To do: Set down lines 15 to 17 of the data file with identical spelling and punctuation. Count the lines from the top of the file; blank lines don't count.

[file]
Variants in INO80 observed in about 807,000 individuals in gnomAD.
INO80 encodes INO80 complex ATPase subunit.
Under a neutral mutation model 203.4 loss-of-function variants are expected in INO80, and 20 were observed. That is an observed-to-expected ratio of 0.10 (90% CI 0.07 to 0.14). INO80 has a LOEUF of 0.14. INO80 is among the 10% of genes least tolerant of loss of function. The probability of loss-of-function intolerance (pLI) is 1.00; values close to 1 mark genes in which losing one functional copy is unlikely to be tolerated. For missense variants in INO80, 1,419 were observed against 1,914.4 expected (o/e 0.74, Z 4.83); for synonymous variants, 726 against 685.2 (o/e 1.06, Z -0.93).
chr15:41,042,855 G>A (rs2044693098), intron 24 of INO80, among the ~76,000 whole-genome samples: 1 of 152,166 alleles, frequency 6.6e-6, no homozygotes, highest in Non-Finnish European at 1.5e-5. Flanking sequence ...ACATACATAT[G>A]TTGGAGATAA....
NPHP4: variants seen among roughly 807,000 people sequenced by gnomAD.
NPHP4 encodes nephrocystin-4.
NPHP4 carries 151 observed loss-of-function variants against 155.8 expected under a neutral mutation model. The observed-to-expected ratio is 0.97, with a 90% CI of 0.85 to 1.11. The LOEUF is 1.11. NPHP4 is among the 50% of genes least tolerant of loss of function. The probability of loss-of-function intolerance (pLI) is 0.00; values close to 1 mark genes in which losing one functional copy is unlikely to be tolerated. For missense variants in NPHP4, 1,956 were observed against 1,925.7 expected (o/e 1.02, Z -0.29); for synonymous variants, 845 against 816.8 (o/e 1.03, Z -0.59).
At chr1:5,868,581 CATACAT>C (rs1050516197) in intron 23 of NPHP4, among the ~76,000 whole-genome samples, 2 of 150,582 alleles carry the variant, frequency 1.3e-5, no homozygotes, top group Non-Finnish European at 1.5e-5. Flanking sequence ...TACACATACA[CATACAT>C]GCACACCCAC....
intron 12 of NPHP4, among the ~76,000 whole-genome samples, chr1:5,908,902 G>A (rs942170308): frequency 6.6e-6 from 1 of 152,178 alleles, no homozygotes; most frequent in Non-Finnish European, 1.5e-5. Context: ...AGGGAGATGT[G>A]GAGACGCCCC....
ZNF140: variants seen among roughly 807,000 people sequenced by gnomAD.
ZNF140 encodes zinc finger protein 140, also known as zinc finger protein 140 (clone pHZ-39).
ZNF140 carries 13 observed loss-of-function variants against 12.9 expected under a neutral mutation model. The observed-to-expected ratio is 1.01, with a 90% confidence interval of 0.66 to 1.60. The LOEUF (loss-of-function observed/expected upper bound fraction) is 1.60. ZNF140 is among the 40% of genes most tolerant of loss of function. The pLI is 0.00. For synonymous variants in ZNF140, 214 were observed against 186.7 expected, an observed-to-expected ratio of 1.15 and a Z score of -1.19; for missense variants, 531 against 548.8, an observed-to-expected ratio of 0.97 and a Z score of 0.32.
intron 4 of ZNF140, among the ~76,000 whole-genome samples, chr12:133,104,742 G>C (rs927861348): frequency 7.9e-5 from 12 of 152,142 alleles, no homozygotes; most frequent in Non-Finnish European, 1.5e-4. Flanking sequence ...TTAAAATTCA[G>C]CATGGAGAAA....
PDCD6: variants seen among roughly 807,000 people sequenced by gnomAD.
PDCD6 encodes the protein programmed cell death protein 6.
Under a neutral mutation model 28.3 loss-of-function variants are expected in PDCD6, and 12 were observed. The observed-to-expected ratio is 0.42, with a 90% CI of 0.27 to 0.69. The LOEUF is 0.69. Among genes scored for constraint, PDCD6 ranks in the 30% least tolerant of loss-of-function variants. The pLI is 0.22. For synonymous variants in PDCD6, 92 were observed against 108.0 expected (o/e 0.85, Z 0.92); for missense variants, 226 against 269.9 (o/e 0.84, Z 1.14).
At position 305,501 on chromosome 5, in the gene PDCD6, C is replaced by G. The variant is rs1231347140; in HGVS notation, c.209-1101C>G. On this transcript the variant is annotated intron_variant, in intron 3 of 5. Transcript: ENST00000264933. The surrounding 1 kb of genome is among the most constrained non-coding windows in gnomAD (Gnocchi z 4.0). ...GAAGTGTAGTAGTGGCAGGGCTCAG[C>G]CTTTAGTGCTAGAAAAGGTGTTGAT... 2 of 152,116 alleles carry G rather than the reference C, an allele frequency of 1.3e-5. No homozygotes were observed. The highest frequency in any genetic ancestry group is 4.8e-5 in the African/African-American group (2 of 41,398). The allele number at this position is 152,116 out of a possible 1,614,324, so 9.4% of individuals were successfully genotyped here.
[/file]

PDCD6 encodes the protein programmed cell death protein 6.
Under a neutral mutation model 28.3 loss-of-function variants are expected in PDCD6, and 12 were observed. The observed-to-expected ratio is 0.42, with a 90% CI of 0.27 to 0.69. The LOEUF is 0.69. Among genes scored for constraint, PDCD6 ranks in the 30% least tolerant of loss-of-function variants. The pLI is 0.22. For synonymous variants in PDCD6, 92 were observed against 108.0 expected (o/e 0.85, Z 0.92); for missense variants, 226 against 269.9 (o/e 0.84, Z 1.14).
At position 305,501 on chromosome 5, in the gene PDCD6, C is replaced by G. The variant is rs1231347140; in HGVS notation, c.209-1101C>G. On this transcript the variant is annotated intron_variant, in intron 3 of 5. Transcript: ENST00000264933. The surrounding 1 kb of genome is among the most constrained non-coding windows in gnomAD (Gnocchi z 4.0). ...GAAGTGTAGTAGTGGCAGGGCTCAG[C>G]CTTTAGTGCTAGAAAAGGTGTTGAT... 2 of 152,116 alleles carry G rather than the reference C, an allele frequency of 1.3e-5. No homozygotes were observed. The highest frequency in any genetic ancestry group is 4.8e-5 in the African/African-American group (2 of 41,398). The allele number at this position is 152,116 out of a possible 1,614,324, so 9.4% of individuals were successfully genotyped here.